Review Summary: A record that should be considered as two separate entities - the first half is a very listener-friendly collection of catchy tunes, and the remaining tracks are rather experimental. Extensive usage of the whammy pedal and killswitch throughout.
This was originally a tour-only, but the demand for this album was so high that it ended up being made available to the public; other tour-only records followed suit rather quickly. That fact is easily justified – this is, by far, Buckethead’s best ‘mainstream’ outing till now, and even I, the ‘Big B mainstream outing hater’ tend to get a crack out of listening to the first six tracks, and that’s definitely saying something! The songs on here have a certain spark, they seem to have been really fun for Big B, who put a lot of heart and thought into them. The remaining cuts are a different story, though... but they also have some worthy elements.
Without further ado, on to the music itself. The first six songs are commonly considered to be perfection among Bucketbots, and I do not question that statement. The tracks are well thought-out, witty, melodic, heartfelt, just the perfect listening experience when one does not feel like dipping too deep into the murky lands of experimentation explored by Big B on his previous releases. One gets pretty much everything served up here on a platter with cutlery right next to it: there is the ‘royal’-sounding godson of “Nottingham Lace” by the name of “King James” with some really beautiful breakdowns; “Hook and Pole Gang” revisited with a superb funky solo, rechristened as “Gory Head Stump 2006 – Pageant of Slunks”; the too-emotional-to-be-real “Fairy and the Devil”, which always makes my eyes glaze a little; the one-of-a-kind-until-March-2007 “Ballad of Buddy Berkman”, a tidbit setting the riff and structure pattern for Buckethead’s next album; weirdness with its hair groomed and nails cut on “Mad Monster Party” – a rather psychotic combination, and the outcome is one of the eeriest songs I’ve ever heard; plus the recent tour fave “Soothsayer”, slightly restrained on record, but still very impressive. A nice batch of six songs showcasing what the man is capable of, probably the best starting place for pending Bucketbots, and the leading conversion sampler where I live – the greatness of these pieces is definitely unquestionable. Even though there are merely two true solos in there, these tracks remain melodic – a real achievement, judging by Pepper’s Ghost...
The following songs should be viewed as a separate entity, since they’re a different cup of tea. The words that would describe these novelties best would be: Death Cube K doing his best to play something Bucketheadish. Even though these tracks do have some riffs similar to the ones present on the first half of this disc, they are generally estranged by the community. However, I do enjoy the experimentation, even if it is the most ‘mainstream’ experimentation I ever heard... how come bootlegs with similarly freaky guitar noises are circulated and loved, when these tidbits are ignored? Never mind... Anyway, Buckethead brought a different level to the game here, since he never used the whammy and killswitch on record like this before. The outcome is quite disturbing – one can really feel the slunks marching when an uber-whammy-dropped guitar pounds away a regular rhythm of hundreds of thousands of little feet, and the realistic high-pitched wailing, let alone all the other sound effects, in “Mecha Gigan” has me visualizing a story to go along with the music. The songs tend to be creepy at times (“Col. Austin vs. Col. Sanders”, about 2:30 in... *shudders at the memory*), plus there is some nice dissonance (a short bit about a minute into “Electronic Slight of Hand”), but not nearly as original or significant as the stuff he did on Island of Lost Minds. These songs are not bad, but they pave the way for the lackluster weirdness of Pepper’s Ghost since they seem to be mostly filler.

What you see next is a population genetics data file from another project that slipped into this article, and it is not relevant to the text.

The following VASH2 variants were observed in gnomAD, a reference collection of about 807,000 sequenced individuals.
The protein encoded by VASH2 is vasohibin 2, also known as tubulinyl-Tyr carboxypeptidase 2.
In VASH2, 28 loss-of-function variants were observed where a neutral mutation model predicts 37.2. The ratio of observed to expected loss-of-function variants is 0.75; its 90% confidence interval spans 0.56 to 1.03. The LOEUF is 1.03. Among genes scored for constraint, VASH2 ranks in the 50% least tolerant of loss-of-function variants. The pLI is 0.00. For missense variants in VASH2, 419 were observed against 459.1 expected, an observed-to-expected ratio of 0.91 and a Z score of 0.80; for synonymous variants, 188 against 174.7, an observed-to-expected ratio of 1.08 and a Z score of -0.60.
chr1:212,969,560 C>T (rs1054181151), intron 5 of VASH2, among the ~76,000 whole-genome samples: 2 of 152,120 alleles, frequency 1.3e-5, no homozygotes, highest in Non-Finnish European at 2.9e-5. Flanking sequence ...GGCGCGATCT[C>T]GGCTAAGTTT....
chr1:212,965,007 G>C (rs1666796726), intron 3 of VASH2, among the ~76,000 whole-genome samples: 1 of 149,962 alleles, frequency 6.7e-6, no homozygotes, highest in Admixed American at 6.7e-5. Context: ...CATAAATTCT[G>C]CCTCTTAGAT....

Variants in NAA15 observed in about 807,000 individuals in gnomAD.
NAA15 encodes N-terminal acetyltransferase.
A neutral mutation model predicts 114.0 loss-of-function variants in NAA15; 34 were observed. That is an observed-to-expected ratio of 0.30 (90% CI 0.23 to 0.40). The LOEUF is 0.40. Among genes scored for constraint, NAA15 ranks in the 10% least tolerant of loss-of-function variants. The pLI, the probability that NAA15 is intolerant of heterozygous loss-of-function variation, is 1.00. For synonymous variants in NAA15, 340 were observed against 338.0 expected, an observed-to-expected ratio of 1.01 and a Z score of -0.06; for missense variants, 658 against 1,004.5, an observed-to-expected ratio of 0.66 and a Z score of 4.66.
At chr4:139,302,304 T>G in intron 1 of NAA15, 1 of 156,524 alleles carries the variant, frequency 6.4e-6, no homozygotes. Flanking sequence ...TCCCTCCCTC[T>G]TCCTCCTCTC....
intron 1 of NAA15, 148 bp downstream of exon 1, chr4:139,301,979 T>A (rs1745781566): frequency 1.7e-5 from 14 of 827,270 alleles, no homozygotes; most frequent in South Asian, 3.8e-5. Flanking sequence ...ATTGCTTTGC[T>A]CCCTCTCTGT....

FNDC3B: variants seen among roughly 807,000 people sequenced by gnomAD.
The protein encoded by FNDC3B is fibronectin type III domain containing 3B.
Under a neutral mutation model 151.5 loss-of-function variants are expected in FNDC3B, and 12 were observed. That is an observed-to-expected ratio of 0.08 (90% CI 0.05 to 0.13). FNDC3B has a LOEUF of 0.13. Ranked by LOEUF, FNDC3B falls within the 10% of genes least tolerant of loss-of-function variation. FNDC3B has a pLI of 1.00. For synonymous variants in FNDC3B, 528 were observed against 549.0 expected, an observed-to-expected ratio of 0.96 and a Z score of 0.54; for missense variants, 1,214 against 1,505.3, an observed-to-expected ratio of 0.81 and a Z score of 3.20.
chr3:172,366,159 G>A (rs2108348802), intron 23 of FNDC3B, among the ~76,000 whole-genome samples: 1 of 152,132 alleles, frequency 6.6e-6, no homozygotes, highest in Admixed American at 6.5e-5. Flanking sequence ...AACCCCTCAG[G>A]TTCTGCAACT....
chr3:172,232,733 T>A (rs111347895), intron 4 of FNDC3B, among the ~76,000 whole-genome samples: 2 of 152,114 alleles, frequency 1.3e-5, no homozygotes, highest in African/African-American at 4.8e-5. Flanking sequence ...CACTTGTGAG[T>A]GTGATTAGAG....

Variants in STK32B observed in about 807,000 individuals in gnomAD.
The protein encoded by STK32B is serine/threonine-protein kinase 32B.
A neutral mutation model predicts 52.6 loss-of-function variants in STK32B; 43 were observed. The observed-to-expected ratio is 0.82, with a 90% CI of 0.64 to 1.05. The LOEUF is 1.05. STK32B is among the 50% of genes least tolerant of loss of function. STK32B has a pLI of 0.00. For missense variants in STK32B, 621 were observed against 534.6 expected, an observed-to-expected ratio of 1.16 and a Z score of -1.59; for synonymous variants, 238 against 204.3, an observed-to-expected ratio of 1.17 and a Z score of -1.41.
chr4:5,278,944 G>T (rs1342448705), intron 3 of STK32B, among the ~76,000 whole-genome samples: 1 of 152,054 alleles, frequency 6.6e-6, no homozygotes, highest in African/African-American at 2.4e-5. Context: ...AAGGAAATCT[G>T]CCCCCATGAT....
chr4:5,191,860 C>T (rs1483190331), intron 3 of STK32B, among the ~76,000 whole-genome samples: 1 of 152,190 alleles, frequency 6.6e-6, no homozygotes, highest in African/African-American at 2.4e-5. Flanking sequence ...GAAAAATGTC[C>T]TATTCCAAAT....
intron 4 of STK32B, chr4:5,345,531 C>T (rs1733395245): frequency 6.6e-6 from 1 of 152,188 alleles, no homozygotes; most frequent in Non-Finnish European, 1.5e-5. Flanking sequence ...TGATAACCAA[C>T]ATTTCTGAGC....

Buckethead’s guitar effects are very prominent here. Some dubbed this record as ‘the album of the whammy’, and I couldn’t agree more. The effect is almost everywhere, and its presence can be felt, both when it helps create something melodic (“King James”) or conjure insanity (“Mecha Gigan”). Another effect biggie on this album is the killswitch, since it’s used rather extensively. This wraps up the tour phase preceding it perfectly, since Big B used the two devices live to great extent.
All in all, this is Buckethead’s best ‘mainstream’ offering to see the daylight, and it’s bound to remain a fan fave for years to come. The six opening tracks are really breathtaking, and they offer the results of the vast majority of Big B’s music voyages for all to see. The songs are melodic, and they feature two truly superb guitar solos. The rest of the album is more experimental and weird, setting the path for the lame almost-freakiness of the last few cuts of Pepper’s Ghost, and should be viewed as a separate entity for better results and more listening pleasure. The killswitch and whammy are used plentifully, and they help the songs develop whatever mood they are conjuring. This is a great starting place for pending fans and peaceful recline for all those into the man already. Great record.